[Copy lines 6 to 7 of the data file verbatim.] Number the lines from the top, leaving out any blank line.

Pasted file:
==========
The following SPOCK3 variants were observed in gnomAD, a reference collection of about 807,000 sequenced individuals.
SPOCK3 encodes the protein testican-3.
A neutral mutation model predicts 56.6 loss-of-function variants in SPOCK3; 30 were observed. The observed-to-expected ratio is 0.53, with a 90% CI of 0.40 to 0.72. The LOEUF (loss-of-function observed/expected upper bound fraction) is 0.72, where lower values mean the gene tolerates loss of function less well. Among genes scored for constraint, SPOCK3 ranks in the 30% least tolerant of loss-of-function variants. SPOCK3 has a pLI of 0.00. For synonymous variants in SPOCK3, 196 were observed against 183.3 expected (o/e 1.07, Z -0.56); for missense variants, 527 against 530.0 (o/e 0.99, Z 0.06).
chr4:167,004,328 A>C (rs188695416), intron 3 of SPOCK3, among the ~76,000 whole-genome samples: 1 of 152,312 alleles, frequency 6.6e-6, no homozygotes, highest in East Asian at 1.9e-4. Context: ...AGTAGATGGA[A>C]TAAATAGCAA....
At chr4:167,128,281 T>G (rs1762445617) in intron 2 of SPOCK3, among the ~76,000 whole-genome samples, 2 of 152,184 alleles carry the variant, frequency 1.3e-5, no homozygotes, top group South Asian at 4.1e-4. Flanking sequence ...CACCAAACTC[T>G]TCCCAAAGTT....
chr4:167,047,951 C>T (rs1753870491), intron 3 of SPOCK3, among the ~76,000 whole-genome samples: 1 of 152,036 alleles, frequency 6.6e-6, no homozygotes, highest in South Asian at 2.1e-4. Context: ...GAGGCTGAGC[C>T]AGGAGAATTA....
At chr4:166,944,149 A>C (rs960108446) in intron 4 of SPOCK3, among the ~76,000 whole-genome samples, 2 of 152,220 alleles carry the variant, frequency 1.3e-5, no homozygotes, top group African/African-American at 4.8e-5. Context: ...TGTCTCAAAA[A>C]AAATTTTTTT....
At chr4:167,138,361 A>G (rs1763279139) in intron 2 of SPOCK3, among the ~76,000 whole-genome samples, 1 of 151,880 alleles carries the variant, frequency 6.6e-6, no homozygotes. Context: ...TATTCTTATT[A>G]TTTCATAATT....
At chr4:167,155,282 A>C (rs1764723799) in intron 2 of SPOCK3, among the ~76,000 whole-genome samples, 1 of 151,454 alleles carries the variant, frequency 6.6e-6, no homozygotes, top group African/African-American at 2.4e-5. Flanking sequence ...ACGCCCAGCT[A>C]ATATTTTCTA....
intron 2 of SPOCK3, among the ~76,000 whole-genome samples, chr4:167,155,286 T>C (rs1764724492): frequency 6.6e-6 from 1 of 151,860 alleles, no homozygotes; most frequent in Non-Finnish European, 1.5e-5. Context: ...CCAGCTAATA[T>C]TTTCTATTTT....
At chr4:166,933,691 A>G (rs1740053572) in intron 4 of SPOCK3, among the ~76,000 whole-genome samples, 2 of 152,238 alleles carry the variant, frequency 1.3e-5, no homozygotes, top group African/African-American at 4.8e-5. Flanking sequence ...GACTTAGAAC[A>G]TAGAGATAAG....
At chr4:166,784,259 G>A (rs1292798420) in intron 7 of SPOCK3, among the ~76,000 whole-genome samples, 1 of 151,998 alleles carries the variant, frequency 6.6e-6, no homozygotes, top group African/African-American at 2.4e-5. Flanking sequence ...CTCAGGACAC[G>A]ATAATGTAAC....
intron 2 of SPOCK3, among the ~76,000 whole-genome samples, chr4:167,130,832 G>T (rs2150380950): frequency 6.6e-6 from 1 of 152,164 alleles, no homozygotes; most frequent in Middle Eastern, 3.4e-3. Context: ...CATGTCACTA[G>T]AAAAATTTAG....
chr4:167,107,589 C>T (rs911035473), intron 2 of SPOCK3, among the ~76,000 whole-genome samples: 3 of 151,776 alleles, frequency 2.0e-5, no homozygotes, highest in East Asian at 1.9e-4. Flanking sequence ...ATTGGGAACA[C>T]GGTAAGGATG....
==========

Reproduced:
chr4:167,047,951 C>T (rs1753870491), intron 3 of SPOCK3, among the ~76,000 whole-genome samples: 1 of 152,036 alleles, frequency 6.6e-6, no homozygotes, highest in South Asian at 2.1e-4. Context: ...GAGGCTGAGC[C>T]AGGAGAATTA....
At chr4:166,944,149 A>C (rs960108446) in intron 4 of SPOCK3, among the ~76,000 whole-genome samples, 2 of 152,220 alleles carry the variant, frequency 1.3e-5, no homozygotes, top group African/African-American at 4.8e-5. Context: ...TGTCTCAAAA[A>C]AAATTTTTTT....